Don’t get me wrong, there are some cool features on these services including: on demand conference calling; the map that allows you to see where your friends are; and the ability to create chat groups without having to share your actual phone number (FastSociety only, I believe, and used for ad-hoc communication with groups you’d rather not keep in touch with), but these features are nice-to-haves right now, not things that make adoption a no-brainer.

Ultimately, as a hack-day solution to a small problem, I think these services are awesome.  There may be times when I would find them invaluable.  But, as an everyday means of communication, the world just isn’t ready yet, and you don’t need to rush in. Maybe Facebook will make this awesome, or perhaps the AOLers out in Palo Alto can help speed things up, but for now, you’re ok sitting on the sidelines.

UPDATE: I have continued playing with these services, and can now recommend Beluga if you do decide to use these services at all.  It works much like BBM in that if you both have the app, no one gets charged for texts and when you look at it as an SMS replacement app *with* group messaging, rather than the reverse, it starts to look attractive… starts.

Yes, you should get the iPad2…

… Unless you already have a first gen iPad.

The questions I keep getting are:

  1. Should I get the iPad2 if I already have an iPad?
  2. Should I get the iPad2 or a Kindle?
  3. Should I get the 3G version?
  4. What size should I get?
  5. What about an Android tablet?

The short answer: You should get the iPad2 64GB, WiFi only.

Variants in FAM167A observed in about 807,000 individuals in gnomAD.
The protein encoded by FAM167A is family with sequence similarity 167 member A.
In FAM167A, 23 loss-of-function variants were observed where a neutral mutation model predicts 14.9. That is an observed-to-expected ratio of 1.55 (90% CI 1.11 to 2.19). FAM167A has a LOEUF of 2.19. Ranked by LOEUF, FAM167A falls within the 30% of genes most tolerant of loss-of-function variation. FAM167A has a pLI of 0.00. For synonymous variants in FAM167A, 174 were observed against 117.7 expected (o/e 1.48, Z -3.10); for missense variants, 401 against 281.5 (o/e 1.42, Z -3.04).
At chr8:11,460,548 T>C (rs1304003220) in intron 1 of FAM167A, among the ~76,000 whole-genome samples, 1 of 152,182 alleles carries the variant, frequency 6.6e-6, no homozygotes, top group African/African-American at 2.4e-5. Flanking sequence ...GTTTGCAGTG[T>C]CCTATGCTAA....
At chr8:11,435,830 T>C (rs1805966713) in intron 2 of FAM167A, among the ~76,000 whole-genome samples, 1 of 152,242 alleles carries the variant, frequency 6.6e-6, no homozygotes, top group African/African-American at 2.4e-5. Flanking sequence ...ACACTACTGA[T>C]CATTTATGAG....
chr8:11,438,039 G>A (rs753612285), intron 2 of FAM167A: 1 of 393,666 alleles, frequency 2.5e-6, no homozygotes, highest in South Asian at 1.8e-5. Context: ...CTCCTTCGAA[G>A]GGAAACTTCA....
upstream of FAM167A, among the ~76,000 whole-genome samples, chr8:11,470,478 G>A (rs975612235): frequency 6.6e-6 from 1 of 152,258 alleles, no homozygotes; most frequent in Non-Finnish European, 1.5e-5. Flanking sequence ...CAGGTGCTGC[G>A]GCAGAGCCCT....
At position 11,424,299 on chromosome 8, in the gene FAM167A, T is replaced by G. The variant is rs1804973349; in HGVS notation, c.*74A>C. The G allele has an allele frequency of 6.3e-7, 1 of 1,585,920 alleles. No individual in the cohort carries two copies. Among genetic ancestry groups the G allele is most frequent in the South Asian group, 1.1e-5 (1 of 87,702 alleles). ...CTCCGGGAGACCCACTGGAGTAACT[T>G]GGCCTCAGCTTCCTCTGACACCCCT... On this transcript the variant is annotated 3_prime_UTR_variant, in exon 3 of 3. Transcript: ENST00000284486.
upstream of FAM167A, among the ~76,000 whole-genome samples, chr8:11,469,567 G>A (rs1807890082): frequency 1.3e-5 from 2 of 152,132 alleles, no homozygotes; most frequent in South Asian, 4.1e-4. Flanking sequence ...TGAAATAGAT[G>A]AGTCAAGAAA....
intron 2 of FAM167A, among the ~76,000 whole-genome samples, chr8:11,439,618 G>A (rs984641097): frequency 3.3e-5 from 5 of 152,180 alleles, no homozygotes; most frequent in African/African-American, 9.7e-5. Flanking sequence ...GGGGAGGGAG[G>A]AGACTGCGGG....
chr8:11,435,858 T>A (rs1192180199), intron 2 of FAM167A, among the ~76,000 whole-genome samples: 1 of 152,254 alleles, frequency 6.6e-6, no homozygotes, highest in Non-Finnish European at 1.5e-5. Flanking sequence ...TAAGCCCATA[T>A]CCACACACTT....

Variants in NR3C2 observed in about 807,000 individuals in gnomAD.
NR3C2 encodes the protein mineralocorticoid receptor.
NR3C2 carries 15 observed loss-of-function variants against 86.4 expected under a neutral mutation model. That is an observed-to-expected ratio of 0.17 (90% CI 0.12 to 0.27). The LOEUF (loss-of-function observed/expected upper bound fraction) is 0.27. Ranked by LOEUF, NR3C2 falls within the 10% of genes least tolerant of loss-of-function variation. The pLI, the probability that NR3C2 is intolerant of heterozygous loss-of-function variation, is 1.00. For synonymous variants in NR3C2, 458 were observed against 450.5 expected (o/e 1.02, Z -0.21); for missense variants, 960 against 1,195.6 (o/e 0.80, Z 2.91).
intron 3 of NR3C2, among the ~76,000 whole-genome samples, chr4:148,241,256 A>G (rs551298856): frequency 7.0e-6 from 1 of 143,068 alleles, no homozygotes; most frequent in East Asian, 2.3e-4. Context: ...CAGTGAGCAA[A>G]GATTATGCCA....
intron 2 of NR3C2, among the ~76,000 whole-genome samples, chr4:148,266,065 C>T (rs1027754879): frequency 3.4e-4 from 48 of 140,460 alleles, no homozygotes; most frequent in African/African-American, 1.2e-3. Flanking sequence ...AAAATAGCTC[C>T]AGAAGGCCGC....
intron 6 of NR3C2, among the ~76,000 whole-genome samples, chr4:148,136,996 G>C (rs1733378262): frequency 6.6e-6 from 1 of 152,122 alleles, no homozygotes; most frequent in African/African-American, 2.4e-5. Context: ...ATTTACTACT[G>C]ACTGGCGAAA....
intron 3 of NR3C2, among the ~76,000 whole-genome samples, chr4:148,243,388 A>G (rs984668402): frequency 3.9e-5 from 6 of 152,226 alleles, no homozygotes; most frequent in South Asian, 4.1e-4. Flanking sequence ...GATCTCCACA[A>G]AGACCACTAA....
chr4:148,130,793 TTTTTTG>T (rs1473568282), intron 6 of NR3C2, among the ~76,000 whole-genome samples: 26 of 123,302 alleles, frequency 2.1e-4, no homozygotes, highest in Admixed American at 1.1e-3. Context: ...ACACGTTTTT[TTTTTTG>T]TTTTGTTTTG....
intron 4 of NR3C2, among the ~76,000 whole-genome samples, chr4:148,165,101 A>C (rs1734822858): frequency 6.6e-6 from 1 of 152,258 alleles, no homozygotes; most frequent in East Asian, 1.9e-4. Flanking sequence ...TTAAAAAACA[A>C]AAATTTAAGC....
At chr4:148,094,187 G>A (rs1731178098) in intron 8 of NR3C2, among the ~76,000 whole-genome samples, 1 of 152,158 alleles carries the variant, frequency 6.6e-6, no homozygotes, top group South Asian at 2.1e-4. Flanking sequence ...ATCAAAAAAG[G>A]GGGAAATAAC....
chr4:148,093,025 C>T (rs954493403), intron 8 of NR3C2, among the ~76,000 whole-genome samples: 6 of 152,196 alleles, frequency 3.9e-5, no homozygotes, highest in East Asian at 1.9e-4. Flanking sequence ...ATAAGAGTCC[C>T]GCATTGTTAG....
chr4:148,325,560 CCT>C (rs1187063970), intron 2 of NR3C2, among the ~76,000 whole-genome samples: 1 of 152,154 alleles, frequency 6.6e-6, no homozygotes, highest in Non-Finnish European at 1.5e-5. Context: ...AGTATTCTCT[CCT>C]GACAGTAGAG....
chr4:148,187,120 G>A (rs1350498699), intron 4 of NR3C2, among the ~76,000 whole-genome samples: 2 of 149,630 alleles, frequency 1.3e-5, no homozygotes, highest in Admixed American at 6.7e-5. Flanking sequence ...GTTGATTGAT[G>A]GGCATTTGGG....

1) You don’t need the iPad2 if you have the original iPad. The size and weight are not different enough to make an impact on your bag or your wrists.  The apps are the same and the speed isn’t being used for anything that impressive yet and probably won’t be for another year.  The cameras are great, but the reality is that you don’t really want to take photos with a tablet and people aren’t using facetime/skype on the road.  Just not different enough to get the new one.

2) Kindle vs. iPad is a false comparison; they are two TOTALLY different products.  A Kindle is a great ebook reader, but that’s all it does.  You can’t read a book on the iPad outdoors, period, the end.  If you like reading on the beach/park/backyard you need a Kindle.  If you want the best mobile internet and reading device for meetings, the couch, the airplane, etc., you need an iPad.

3) The 3G convenience is great, but the pricing on the plans is too high.  Especially if you also travel with a laptop, the better deal is to tether the iPad to a different connected device.  I like using a MiFi or OverDrive card which allows you to connect up to 5 devices, but even your iPhone4/Android device allows tethering and is likely cheaper than getting another plan if you don’t use it that often.  The iPad doesn’t really need connectivity to be a great product.  If the money isn’t an issue, by all means, get the 3G.

4) Once you have an iPad, you will want to put things on it.  The apps are actually quite small, and I find that I don’t listen to a TON of music on the ipad.  What starts to take up space are the videos.  32GB would work for most of you, but for the extra $100, the storage space is a no-brainer. Go with the 64.

5) A lot of OEMs have launched Android-based tablets recently, and many of them are cool, but the iPad is the way to go.  Video is a killer app for tablets.  You can watch back-to-back episodes of TopGear during the entire flight from San Diego to New York on one battery charge… and you want to.  I have several episodes of Sesame Street, a few Blues Clues, Toy Story, Finding Nemo, and a bunch of others, plus things for me.  You want the ability to have a ton of choice in your tablet video library too. Right now, Google hasn’t launched a killer video store (soon?) and none of the Android manufacturers can come close to competing with iTunes on choice or user experience.  Until this changes, there’s no Android alternative to the iPad that matters.